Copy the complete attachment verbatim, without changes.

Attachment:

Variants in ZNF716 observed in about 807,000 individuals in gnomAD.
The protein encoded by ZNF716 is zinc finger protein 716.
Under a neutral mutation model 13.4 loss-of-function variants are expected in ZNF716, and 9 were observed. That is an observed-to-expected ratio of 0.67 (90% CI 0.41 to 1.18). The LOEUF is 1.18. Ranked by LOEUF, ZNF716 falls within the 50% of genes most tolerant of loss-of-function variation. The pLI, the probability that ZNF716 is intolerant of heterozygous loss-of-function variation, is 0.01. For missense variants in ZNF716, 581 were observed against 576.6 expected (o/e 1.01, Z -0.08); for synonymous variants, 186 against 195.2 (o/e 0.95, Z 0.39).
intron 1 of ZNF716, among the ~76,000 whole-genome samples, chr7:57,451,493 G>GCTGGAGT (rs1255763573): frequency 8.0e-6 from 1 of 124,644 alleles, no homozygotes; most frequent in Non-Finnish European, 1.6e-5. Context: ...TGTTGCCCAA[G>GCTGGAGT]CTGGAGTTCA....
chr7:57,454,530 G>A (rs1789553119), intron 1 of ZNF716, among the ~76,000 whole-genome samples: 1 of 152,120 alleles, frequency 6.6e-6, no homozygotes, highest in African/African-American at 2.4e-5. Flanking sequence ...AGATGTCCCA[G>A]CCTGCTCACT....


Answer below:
Variants in ZNF716 observed in about 807,000 individuals in gnomAD.
The protein encoded by ZNF716 is zinc finger protein 716.
Under a neutral mutation model 13.4 loss-of-function variants are expected in ZNF716, and 9 were observed. That is an observed-to-expected ratio of 0.67 (90% CI 0.41 to 1.18). The LOEUF is 1.18. Ranked by LOEUF, ZNF716 falls within the 50% of genes most tolerant of loss-of-function variation. The pLI, the probability that ZNF716 is intolerant of heterozygous loss-of-function variation, is 0.01. For missense variants in ZNF716, 581 were observed against 576.6 expected (o/e 1.01, Z -0.08); for synonymous variants, 186 against 195.2 (o/e 0.95, Z 0.39).
intron 1 of ZNF716, among the ~76,000 whole-genome samples, chr7:57,451,493 G>GCTGGAGT (rs1255763573): frequency 8.0e-6 from 1 of 124,644 alleles, no homozygotes; most frequent in Non-Finnish European, 1.6e-5. Context: ...TGTTGCCCAA[G>GCTGGAGT]CTGGAGTTCA....
chr7:57,454,530 G>A (rs1789553119), intron 1 of ZNF716, among the ~76,000 whole-genome samples: 1 of 152,120 alleles, frequency 6.6e-6, no homozygotes, highest in African/African-American at 2.4e-5. Flanking sequence ...AGATGTCCCA[G>A]CCTGCTCACT....